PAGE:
Several internet service providers across the United States are using an online service to secretly spy on, and redirect their subscribers’ online searches, according to a group of researchers at the International Computer Science Institute in Berkeley, California.
The ISPs are monitoring, intercepting, and redirecting the searches that their subscribers are performing through the search boxes in their browsers, say the researchers.
“Instead of returning a legitimate address for search.yahoo.com, www.bing.com, and (sometimes) www.google.com, these ISPs returned the address of proxy servers,” Nick Weaver, one of the researchers, told TPM.
“These proxy servers impersonate the legitimate search engine by transparently forwarding requests to the legitimate search engine, but have the ability to both monitor all queries and change the results.”
It’s not clear precisely how many users are affected, but the researchers have gathered a list of 12 ISPs that they say engage in the practice. The complete list is at New Scientist, which first reported the story late Thursday.
The list includes a range of local, regional and national internet service providers that includes Cincinnati Bell, Hughes, RCN and XO Communications, according to New Scientist.
The news is sure to create an uproar in the wider internet community — as have all other previous attempts by other entities to intercept and redirect network traffic. Aside from the glaring violation of subscribers’ privacy, many network engineers see efforts such as these as deceptive, and a way to undermine trust and clarity over the way the internet works.
To redirect users’ search queries, the ISPs are re-routing those queries first to an internet address that’s controlled by a third party instead of directly to an individual’s search engine of choice.
Weaver explains to TPM:
Whether the end-user can see this depends on the nature of the change. For the change that we’re aware of, a user who’s paying attention will note that they didn’t get back search results for a query they entered in the search bar, but instead are taken directly to a particular site.
In principle, though, subtle changes could also be made in search results
(for example, reordering them, or changing which ads are displayed) that
a user would have no practical means of detecting. But we do not have
evidence that this sort of change occurs.
The goal of this shady activity is to siphon off and monetize users’ search, say the researchers, who put up a blog post about the subject at EFF late Thursday evening:
In short, the purpose appears to be monetization of users’ searches. ICSI Networking’s investigation has revealed that Paxfire’s HTTP proxies selectively siphon search requests out of the proxied traffic flows and redirect them through one or more affiliate marketing programs, presumably resulting in commission payments to Paxfire and the ISPs involved. The affiliate programs involved include Commission Junction, the Google Affiliate Network, LinkShare, and Ask.com. When looking up brand names such as “apple”, “dell”, “groupon”, and “wsj”, the affiliate programs direct the queries to the corresponding brands’ websites or to search assistance pages instead of providing the intended search engine results page.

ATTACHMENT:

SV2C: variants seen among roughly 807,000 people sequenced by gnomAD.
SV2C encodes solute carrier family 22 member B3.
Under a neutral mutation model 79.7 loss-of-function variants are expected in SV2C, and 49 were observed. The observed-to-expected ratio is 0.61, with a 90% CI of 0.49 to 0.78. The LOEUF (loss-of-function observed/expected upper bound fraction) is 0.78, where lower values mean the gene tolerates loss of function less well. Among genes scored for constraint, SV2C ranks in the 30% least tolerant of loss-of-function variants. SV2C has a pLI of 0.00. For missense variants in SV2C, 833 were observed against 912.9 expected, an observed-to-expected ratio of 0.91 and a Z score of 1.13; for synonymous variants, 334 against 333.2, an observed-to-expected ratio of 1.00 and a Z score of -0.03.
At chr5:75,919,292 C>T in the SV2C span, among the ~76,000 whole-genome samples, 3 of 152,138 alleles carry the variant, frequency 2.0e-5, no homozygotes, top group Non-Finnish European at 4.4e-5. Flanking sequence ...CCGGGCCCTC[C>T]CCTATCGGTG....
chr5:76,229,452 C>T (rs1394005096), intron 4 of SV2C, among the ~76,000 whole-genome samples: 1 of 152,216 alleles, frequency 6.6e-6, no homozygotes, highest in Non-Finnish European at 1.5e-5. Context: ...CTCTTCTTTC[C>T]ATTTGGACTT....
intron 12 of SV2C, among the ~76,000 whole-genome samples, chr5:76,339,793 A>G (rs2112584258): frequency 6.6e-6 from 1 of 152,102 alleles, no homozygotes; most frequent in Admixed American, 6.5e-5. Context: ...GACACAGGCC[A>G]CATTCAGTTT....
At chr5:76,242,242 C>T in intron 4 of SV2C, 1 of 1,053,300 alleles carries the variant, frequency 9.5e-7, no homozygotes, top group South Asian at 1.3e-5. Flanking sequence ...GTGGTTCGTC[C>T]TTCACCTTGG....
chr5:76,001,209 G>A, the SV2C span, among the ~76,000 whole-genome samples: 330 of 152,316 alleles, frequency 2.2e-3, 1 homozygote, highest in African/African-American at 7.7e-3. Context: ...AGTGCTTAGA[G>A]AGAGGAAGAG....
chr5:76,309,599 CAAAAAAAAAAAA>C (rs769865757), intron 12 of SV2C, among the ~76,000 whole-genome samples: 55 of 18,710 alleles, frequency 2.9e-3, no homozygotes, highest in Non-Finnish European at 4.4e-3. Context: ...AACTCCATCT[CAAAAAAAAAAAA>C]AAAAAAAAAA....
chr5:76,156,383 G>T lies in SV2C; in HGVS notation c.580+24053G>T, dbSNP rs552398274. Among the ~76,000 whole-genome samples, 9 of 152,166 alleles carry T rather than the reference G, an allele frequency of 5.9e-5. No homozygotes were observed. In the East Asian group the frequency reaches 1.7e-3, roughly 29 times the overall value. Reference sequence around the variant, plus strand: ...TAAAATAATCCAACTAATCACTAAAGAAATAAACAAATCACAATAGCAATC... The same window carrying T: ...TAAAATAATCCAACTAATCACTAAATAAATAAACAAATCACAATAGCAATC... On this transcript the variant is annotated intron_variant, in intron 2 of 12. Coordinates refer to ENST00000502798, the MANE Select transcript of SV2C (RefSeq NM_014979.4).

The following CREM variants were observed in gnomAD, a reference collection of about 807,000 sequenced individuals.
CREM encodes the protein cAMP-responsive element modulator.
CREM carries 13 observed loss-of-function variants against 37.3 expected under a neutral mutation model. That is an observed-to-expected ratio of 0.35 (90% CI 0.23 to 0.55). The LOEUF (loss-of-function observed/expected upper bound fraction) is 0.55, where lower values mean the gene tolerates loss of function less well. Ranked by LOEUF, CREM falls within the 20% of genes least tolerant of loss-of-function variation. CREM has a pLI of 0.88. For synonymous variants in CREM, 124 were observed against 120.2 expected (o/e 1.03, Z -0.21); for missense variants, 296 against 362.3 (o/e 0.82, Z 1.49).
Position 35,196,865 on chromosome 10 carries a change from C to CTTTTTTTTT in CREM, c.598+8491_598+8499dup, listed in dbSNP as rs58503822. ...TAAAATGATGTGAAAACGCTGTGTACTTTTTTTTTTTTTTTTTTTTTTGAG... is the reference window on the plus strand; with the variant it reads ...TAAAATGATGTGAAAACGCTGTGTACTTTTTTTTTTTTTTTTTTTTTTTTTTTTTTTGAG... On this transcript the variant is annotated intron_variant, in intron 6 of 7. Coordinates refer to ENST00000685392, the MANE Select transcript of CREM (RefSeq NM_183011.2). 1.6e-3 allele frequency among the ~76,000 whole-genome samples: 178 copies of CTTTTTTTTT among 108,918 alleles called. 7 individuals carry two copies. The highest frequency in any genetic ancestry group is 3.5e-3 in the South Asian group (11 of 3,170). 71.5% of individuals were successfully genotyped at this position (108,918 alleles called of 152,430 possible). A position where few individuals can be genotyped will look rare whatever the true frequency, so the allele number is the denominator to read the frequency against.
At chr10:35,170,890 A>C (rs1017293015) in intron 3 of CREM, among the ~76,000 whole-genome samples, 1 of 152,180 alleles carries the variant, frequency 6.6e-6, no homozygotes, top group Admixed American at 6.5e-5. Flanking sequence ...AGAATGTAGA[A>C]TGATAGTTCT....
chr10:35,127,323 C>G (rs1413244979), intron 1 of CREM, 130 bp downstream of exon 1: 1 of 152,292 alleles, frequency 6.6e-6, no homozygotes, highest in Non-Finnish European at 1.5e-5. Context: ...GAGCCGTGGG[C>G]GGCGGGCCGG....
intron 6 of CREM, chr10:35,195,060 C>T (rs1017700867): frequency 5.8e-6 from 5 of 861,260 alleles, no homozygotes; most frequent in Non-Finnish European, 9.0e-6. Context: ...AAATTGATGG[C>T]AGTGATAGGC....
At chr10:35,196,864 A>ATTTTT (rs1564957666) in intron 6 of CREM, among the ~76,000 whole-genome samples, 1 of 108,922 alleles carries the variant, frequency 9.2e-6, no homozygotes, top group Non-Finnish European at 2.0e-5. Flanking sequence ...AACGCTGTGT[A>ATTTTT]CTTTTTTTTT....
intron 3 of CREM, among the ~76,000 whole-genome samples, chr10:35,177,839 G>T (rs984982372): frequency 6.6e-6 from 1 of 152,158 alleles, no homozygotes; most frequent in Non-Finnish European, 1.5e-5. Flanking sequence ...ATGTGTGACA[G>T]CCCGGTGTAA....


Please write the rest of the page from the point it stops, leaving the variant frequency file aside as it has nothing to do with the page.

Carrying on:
But, says Weaver in an e-mail, the company that’s facilitating the diversion of the traffic is a company called Paxfire, which markets its services to the ISPs. It’s unclear whether the advertisers or the affiliate programs know what’s going on, he says.
An e-mail inquiry sent to Paxfire wasn’t immediately returned.
The Berkeley team says that its identified 170 search terms that trigger the re-direction of users’ search queries.
The Berkeley researchers Christian Kreibich, Vern Paxson and Nicholas Weaver had compiled the data as part of a process of building a network diagnostic tool for the general public in order to enable them to independently monitor and troubleshoot performance issues with their ISPs.
The researchers have put their network diagnostic tool Netalyzer on the web, and are making it available for free to the public to use for themselves to see if their traffic is being intercepted.
Meanwhile, the EFF recommends using encrypted connections whenever possible. One way of doing this is to install its HTTPS everywhere extension on the Firefox browser.
However, it only works with some sites since not all web sites enable encrypted communications.
Have a story idea or tip for Idea Lab? Please send them to: Idealab@talkingpointsmemo.com.